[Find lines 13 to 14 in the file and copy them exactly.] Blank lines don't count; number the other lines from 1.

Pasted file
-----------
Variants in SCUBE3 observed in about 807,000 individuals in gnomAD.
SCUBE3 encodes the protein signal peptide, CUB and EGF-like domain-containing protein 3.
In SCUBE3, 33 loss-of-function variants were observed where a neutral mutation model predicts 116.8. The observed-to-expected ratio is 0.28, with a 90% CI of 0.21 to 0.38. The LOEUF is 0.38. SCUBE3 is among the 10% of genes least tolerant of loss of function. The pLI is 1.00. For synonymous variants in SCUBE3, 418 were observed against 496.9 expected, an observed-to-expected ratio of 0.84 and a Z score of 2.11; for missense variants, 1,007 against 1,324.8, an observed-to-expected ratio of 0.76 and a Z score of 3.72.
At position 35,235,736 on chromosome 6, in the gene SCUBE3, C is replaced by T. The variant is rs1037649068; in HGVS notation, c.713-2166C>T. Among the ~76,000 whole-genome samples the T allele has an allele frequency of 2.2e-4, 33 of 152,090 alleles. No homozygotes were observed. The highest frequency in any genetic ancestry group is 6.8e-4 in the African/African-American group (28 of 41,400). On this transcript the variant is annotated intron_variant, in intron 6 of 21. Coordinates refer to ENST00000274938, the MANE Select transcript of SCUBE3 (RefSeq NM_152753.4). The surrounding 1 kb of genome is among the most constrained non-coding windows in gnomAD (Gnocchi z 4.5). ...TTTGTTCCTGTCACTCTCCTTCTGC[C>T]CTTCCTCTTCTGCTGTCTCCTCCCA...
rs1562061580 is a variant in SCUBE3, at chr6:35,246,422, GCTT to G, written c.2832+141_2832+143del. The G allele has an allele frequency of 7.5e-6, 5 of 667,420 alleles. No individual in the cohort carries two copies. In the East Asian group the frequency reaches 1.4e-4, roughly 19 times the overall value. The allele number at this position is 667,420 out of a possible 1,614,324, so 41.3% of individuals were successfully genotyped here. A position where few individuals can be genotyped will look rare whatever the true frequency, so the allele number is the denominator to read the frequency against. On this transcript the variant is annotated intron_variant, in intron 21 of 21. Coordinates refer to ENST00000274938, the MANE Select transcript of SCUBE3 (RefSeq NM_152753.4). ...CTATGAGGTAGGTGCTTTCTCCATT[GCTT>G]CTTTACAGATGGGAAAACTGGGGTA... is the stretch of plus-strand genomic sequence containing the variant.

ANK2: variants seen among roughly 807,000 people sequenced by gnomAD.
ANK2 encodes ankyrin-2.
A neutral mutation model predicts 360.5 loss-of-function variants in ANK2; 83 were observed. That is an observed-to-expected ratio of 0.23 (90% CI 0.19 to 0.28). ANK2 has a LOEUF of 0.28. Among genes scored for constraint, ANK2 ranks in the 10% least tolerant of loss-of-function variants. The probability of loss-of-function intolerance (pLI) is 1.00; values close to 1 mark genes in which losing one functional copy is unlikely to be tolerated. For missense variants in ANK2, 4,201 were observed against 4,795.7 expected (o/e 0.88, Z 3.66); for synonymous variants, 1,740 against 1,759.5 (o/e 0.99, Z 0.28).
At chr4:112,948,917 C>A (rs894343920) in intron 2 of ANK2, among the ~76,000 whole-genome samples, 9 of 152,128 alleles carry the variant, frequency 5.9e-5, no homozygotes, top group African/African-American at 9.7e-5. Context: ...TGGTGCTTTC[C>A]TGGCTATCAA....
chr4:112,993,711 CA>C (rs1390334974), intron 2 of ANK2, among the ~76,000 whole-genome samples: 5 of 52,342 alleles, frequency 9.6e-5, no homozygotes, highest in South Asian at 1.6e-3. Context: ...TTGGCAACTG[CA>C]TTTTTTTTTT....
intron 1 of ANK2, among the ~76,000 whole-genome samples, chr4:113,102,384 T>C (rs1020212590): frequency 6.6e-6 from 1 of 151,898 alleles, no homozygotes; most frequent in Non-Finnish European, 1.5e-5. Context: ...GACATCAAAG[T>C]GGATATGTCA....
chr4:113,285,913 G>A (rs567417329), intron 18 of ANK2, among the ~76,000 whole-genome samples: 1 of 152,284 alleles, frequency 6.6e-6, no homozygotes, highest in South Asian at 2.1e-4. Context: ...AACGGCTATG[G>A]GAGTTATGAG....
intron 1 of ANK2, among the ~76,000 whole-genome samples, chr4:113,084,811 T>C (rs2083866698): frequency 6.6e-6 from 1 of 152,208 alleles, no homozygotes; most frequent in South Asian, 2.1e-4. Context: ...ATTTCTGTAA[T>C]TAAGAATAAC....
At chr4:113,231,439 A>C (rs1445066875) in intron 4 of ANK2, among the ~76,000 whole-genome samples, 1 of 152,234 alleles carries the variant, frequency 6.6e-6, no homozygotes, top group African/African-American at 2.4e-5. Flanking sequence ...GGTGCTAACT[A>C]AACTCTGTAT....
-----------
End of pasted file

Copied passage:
intron 1 of ANK2, among the ~76,000 whole-genome samples, chr4:113,084,811 T>C (rs2083866698): frequency 6.6e-6 from 1 of 152,208 alleles, no homozygotes; most frequent in South Asian, 2.1e-4. Context: ...ATTTCTGTAA[T>C]TAAGAATAAC....
At chr4:113,231,439 A>C (rs1445066875) in intron 4 of ANK2, among the ~76,000 whole-genome samples, 1 of 152,234 alleles carries the variant, frequency 6.6e-6, no homozygotes, top group African/African-American at 2.4e-5. Flanking sequence ...GGTGCTAACT[A>C]AACTCTGTAT....